Web 2.0 E-Commerce: A New Era of Competition

e-commerce trends

The online retail game has changed — again.

Your customers’ expectations are increasing. Will you meet them? Or will you miss them?

A revolution is taking place online. New Web technologies are providing a better, more interactive shopping experience and putting the power of shared community in your customers’ hands. A new era of competition has begun in which a rising tide will no longer lift all boats. Web 2.0, thought of mainly for its technological advancements, may be best remembered by retailers for the e-commerce ultimatum it provokes: Meet customers’ growing expectations or lose them to another site.

Web 2.0 technologies provide for heightened levels of interaction on Web sites, and consumers expect that same level of interaction when shopping online. These new and better experiences encompass online collaboration, social networking, and a closer simulation of an in-store shopping experience.

Fundamental Change in Measuring

This shift is already being seen in measurement tactics, as metrics trackers start to take into account time spent on a Web site rather than just the traditional count of page views. Recently, Nielsen//NetRatings added both “total minutes” and “total sessions” metrics to its service because Web pages that rely on Ajax technology or present streaming media can serve new content without reloading individual pages.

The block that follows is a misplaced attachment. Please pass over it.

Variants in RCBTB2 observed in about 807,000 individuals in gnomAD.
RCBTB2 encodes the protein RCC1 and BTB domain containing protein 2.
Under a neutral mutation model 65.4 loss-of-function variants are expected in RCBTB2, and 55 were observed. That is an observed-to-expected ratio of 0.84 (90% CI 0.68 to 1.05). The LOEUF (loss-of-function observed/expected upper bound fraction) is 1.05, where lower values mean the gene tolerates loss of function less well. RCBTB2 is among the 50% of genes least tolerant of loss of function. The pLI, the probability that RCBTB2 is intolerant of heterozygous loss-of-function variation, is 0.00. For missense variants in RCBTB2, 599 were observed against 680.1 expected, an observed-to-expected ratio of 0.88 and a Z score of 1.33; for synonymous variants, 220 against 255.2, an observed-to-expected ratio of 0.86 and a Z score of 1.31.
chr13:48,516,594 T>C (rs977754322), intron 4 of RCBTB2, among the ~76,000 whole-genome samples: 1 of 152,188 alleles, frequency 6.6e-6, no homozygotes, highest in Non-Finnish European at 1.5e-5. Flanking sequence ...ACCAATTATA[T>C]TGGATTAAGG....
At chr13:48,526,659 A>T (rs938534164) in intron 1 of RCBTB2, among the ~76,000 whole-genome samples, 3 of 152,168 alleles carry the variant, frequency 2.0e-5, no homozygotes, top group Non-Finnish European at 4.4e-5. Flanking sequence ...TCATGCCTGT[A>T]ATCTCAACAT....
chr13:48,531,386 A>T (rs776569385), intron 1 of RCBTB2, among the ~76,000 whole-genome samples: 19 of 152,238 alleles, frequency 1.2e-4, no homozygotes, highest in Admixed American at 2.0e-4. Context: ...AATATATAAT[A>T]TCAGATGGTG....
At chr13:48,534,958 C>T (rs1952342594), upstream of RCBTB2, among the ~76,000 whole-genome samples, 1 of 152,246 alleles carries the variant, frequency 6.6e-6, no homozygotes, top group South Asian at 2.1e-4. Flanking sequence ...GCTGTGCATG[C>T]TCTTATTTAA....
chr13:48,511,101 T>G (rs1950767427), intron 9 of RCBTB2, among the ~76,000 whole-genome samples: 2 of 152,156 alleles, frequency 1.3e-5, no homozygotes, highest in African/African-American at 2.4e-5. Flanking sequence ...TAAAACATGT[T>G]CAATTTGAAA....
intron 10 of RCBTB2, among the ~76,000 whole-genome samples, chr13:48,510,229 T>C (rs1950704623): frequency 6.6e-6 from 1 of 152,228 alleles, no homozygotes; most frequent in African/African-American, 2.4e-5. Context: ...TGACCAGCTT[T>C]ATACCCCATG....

This fundamental change in measuring Web sites signals that new technologies are not just a fad for Web sites to experiment with but that they are behind a lasting transformation that is altering the way people shop online.

With interactive tools such as Ajax and various forms of instant consumer feedback, shopping turns into a conversation rather than a retailer-controlled monologue. Retailers should take advantage of these trends and technologies to improve their shopping and checkout experience.

As-It-Happens Responsiveness

Today’s shoppers are too impatient to use a site where you click and wait for the next page to load. Ajax (which stands for Asynchronous JavaScript and XML) allows single-page browsing and checkout processes, which save time and reduce shopper frustration and shopping cart abandonment.

Ajax technology pulls relevant data forward seamlessly, providing shoppers with a smooth, consistent view and sense of interaction rather than the experience of clicking on or through multiple pages to accomplish a task. It can be used for the basic shopping components of a site, such as product pages, as well as for more engaging features of shopping online, like recommended or recently viewed products, user-generated reviews, product demonstrations, assembling outfits, and tagging products with additional keywords.

This nimble, data-driven user interface provides as-it-happens responsiveness to improve the user’s experience. In a sense, it breaks the “grid” of the static Web site page by offering relevant suggestions and intuitive options based on the consumer’s choices as expressed by their online actions. Ajax introduces a sense of play and personality and optimizes screen real estate without crowding the goods.

Pairing Shoes With Handbags

Shoppers can now look for ways to pair up similar items, even those that are from different brands or sites. Mashups, one of the newest incarnations of Web 2.0 technology, are created using an application programming interface (API) to access the functionality of one Web site to integrate it into the structure of another Web site while a customer is browsing.